Neapolitans jealously guard their invention. An Associazione Verace Pizza Napoletana has even been formed to codify the rules on how the true Neapolitan pizza should be made - ingredients, composition, how to twirl and stretch the dough by hand, baking time and so on - and the Gazzetta Ufficiale, the official journal of the Italian government, has designated pizza as an STG, or Specialità Tradizionale Garantita.

The trouble is that today pizza is likely the world's most eaten food not only because it's so versatile - it can be eaten with a knife and fork or with the hands, at home, at the office, on the street, at the pizzeria itself - but also because it can be reproduced anywhere. There's no limit to what you can put on top of a round of dough: ham and pineapple, caviar, egg and chips, you name it. I remember a pizzeria in Pesaro in the Marche region of Italy whose specialty was pizza alla Nutella, and that was 30 years ago. Then there's the paradox of the "all-American frozen pepperoni pizza pie" I see in the fridge cabinet at my local supermarket.

Whatever they may say, Americans didn't invent the pizza, but their promotion of it has spawned adulterated, inauthentic versions in fast-food chains across all five continents. More than a blazon of Neapolitan identity, pizza now has identity where it has no roots.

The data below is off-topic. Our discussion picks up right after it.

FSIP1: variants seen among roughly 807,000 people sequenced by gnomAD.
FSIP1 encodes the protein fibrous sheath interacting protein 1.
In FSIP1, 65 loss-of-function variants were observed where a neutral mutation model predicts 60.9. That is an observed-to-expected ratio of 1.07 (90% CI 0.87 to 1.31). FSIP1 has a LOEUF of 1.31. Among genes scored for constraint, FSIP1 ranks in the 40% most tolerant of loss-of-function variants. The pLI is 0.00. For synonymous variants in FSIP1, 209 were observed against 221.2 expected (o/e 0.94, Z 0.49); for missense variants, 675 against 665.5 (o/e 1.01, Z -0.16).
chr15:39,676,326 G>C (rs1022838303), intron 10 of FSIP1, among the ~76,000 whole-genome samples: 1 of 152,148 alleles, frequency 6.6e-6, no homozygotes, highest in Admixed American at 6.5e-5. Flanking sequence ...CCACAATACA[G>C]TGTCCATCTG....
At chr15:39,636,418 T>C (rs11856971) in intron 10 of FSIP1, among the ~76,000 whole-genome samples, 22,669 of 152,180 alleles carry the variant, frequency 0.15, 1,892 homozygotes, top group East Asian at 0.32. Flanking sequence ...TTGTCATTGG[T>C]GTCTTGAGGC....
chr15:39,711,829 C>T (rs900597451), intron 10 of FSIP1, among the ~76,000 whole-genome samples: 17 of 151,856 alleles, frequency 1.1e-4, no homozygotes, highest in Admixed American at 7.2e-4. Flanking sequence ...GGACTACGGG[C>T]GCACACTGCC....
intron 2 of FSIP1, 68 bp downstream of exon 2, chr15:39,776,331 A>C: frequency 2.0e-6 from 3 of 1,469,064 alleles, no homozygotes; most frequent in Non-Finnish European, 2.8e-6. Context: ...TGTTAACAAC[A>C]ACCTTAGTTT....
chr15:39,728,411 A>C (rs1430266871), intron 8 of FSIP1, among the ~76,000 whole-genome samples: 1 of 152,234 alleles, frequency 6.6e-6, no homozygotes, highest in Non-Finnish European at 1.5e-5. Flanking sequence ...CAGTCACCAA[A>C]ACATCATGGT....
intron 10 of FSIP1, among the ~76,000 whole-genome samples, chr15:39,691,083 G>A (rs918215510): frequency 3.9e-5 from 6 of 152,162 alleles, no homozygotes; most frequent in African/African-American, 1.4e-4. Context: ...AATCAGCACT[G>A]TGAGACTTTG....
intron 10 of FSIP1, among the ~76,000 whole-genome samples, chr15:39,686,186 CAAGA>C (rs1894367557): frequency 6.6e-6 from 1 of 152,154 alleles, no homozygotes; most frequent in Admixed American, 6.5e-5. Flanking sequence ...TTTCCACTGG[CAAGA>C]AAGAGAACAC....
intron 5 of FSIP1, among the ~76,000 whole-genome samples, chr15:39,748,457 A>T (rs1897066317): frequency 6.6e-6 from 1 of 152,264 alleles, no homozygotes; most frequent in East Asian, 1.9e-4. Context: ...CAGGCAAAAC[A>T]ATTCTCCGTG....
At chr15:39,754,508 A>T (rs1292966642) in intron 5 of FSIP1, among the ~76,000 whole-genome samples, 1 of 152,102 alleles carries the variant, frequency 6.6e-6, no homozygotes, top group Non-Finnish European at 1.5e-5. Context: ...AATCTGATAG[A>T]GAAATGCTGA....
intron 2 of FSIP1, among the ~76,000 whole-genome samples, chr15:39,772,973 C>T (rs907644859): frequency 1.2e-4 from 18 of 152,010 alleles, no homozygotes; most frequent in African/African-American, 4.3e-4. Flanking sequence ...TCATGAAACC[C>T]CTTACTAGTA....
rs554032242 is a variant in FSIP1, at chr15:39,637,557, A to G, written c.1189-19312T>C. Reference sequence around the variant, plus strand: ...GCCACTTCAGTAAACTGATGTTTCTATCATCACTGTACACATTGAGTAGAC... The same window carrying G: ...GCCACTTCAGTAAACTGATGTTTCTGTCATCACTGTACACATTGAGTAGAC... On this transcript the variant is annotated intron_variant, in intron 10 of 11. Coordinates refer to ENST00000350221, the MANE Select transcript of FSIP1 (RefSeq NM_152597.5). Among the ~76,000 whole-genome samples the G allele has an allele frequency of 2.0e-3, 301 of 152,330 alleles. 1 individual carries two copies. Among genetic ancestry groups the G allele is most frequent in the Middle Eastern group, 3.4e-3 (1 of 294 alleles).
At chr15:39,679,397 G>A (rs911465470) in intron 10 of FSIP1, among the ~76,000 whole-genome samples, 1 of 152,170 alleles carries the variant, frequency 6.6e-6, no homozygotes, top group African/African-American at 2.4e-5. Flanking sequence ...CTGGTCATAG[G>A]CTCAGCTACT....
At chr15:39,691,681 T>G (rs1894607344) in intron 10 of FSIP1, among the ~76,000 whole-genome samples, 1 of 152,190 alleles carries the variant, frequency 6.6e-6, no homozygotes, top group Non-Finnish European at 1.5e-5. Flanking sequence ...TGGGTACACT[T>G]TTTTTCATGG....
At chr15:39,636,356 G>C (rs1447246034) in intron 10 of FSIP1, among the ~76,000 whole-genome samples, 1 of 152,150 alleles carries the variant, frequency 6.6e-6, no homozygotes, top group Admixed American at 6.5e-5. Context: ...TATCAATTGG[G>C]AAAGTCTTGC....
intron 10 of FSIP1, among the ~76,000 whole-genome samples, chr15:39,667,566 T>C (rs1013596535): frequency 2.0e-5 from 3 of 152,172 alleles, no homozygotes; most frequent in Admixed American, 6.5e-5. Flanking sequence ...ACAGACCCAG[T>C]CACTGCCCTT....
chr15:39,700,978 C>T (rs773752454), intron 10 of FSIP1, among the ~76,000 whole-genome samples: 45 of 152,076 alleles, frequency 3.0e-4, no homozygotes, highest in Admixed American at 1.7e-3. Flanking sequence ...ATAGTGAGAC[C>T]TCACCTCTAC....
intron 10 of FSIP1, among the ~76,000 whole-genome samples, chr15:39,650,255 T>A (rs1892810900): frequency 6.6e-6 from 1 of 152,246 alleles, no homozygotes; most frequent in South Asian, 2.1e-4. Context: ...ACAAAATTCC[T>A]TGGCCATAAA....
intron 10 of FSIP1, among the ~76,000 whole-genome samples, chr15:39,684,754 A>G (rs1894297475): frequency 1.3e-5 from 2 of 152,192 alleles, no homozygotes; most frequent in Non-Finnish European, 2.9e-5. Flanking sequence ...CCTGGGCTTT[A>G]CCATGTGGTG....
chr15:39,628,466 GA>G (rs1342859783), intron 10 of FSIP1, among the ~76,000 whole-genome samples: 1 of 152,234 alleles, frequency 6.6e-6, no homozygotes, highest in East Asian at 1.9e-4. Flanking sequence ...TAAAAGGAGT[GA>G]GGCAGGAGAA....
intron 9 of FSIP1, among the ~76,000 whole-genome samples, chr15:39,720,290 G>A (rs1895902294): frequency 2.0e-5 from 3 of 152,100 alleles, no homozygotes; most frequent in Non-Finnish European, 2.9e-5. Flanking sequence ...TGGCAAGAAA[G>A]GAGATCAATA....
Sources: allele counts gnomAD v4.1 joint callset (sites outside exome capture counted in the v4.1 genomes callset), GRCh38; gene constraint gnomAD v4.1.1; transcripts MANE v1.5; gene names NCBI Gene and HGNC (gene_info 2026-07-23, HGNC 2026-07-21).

GT
Signature Collection

Find out more about the Gourmet Traveller Signature Collection by Robert Gordon Australia, including where to buy it in store and online.

Read More
The GT x STILY
Christmas Boutique is now open

The smallgoods, homewares, art and more from the pages of GT are now all under one roof, ready to take their place under the tree.

Read More
Gourmet TV

Check out our YouTube channel for our latest cover recipes, chef cooking demos, interviews and more.

Watch Now

You might also like...

Italian breakfast recipes

The flavours of the old country meet Australian cafe panache...

Pizza recipes

Mmm, pizza… Rustic tradition and contemporary thinking meet ...

Chef's spaghetti Bolognese recipes: L to Z

We quizzed the best kitchen talents on their secrets to the ...

Chef's spaghetti Bolognese recipes: B to K

We quizzed the best kitchen talents on their secrets to the ...

Mother's Day recipes

Mum deserves nothing but the best, so why don't you make her...

Easter recipes

Hot cross buns, a whole lot of lamb, some chocolate treats (...

Classic Italian recipes

From spaghetti Bolognese to lasagne and tiramisu to panna co...

Easter lunch recipes

With the cooler autumn weather, heartier flavours begin to e...

Cupcake recipes

Scaled down to little more than a mouthful, tiny cakes take ...

Thomas Keller's sandwich recipes

America's most famous chef takes the smarts and good taste t...

Grilling recipes

Dust off the tongs, fire up the barbecue, and get grilling w...

Neil Perry's Spice Temple recipes

At his new Spice Temple, Neil Perry calls on the more exotic...

Pickle and preserve recipes

When it comes to last-minute entertaining, a lovingly made p...

15 (shameless) chocolate recipes

Mousse, souffle, mud cake and more... welcome to the dark si...

Coconut recipes

There's nothing like a coconut to put you in a tropical mood...

get the latest news

Sign up to receive the latest food, travel and dining news direct from Gourmet Traveller headquarters.

×